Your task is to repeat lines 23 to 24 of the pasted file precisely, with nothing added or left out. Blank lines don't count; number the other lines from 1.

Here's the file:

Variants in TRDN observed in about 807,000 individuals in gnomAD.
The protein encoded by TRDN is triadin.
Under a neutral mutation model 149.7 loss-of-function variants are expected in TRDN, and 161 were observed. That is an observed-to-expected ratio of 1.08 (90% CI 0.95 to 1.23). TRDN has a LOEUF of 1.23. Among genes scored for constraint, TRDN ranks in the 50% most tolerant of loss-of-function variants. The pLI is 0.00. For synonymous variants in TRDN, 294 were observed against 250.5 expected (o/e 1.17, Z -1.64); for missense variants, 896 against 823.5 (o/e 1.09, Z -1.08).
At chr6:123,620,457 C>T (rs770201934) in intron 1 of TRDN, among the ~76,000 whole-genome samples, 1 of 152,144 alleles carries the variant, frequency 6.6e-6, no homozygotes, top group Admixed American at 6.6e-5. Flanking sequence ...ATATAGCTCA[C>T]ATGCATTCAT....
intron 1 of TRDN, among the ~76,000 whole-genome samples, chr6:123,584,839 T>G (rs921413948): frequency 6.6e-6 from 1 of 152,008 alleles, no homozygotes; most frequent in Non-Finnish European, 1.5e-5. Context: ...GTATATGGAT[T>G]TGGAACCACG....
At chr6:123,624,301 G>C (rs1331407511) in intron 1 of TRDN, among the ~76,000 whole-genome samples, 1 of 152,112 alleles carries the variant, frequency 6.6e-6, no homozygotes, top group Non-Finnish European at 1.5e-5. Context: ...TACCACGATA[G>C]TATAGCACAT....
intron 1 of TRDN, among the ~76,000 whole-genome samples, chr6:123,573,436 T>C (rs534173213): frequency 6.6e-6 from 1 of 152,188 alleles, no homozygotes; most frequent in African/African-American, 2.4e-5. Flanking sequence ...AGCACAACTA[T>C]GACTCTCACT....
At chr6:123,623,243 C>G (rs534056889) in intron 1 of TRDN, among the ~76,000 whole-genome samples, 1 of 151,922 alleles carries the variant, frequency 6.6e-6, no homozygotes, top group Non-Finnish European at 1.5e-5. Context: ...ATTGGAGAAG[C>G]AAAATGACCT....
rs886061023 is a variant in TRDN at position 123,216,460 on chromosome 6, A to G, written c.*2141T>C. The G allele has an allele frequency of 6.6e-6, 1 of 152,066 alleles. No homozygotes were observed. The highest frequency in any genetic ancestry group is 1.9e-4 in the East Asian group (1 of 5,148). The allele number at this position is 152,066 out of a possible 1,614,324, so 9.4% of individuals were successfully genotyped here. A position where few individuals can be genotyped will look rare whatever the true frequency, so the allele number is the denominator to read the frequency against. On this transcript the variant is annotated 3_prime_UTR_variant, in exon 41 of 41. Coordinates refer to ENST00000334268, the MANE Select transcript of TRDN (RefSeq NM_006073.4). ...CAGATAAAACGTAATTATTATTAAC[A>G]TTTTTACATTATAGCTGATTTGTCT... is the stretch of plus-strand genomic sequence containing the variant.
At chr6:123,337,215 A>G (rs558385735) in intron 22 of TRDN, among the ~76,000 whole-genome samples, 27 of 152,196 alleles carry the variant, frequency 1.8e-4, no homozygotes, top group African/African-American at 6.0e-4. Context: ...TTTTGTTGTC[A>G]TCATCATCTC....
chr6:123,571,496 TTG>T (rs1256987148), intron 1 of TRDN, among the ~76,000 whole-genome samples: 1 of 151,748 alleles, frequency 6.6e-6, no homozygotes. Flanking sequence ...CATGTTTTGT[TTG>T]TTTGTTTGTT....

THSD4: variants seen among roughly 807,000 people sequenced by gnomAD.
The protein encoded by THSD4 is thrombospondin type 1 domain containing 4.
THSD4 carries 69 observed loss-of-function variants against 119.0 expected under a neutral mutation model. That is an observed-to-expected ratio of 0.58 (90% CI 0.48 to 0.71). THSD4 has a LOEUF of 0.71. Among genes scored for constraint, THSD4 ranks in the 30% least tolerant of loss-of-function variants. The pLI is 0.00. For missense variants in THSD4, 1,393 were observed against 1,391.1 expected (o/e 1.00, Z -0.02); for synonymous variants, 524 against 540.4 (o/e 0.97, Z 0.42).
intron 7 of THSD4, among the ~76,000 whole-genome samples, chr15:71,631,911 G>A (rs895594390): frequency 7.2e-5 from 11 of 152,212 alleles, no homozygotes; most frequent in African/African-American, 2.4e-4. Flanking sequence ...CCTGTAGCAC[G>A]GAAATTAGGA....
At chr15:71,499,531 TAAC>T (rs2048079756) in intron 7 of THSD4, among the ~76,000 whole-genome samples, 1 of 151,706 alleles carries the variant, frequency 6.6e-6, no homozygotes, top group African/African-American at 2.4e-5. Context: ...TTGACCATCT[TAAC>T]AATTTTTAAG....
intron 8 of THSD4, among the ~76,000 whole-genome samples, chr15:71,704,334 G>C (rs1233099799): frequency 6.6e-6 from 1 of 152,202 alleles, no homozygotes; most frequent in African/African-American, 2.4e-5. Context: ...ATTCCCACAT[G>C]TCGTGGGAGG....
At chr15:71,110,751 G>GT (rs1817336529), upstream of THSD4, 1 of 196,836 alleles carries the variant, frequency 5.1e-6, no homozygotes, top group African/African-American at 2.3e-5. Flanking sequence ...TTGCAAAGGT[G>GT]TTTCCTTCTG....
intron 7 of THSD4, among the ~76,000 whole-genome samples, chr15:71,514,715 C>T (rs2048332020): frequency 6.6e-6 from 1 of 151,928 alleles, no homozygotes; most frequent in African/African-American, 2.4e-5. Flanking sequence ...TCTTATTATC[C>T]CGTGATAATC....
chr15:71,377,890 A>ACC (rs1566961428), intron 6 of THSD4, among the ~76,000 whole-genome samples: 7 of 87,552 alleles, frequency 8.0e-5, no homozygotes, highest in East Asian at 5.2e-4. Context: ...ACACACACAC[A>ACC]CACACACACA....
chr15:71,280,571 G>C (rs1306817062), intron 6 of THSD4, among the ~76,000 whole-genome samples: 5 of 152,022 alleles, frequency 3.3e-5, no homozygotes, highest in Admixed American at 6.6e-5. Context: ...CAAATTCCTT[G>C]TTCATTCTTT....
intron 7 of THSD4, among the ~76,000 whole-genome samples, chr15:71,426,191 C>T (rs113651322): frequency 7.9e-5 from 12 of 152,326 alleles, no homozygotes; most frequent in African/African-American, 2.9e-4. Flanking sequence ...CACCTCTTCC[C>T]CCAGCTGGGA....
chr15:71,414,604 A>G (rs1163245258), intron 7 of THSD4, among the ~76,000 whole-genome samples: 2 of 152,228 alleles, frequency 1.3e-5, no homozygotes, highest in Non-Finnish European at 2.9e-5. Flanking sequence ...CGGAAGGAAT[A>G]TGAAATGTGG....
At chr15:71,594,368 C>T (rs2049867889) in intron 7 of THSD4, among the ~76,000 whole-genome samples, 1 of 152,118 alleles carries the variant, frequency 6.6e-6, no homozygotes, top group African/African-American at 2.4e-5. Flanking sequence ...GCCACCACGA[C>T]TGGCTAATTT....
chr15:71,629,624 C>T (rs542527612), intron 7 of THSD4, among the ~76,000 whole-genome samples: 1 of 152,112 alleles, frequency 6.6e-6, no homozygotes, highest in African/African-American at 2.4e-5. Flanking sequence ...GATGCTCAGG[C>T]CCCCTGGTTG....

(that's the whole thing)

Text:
chr15:71,414,604 A>G (rs1163245258), intron 7 of THSD4, among the ~76,000 whole-genome samples: 2 of 152,228 alleles, frequency 1.3e-5, no homozygotes, highest in Non-Finnish European at 2.9e-5. Flanking sequence ...CGGAAGGAAT[A>G]TGAAATGTGG....
At chr15:71,594,368 C>T (rs2049867889) in intron 7 of THSD4, among the ~76,000 whole-genome samples, 1 of 152,118 alleles carries the variant, frequency 6.6e-6, no homozygotes, top group African/African-American at 2.4e-5. Flanking sequence ...GCCACCACGA[C>T]TGGCTAATTT....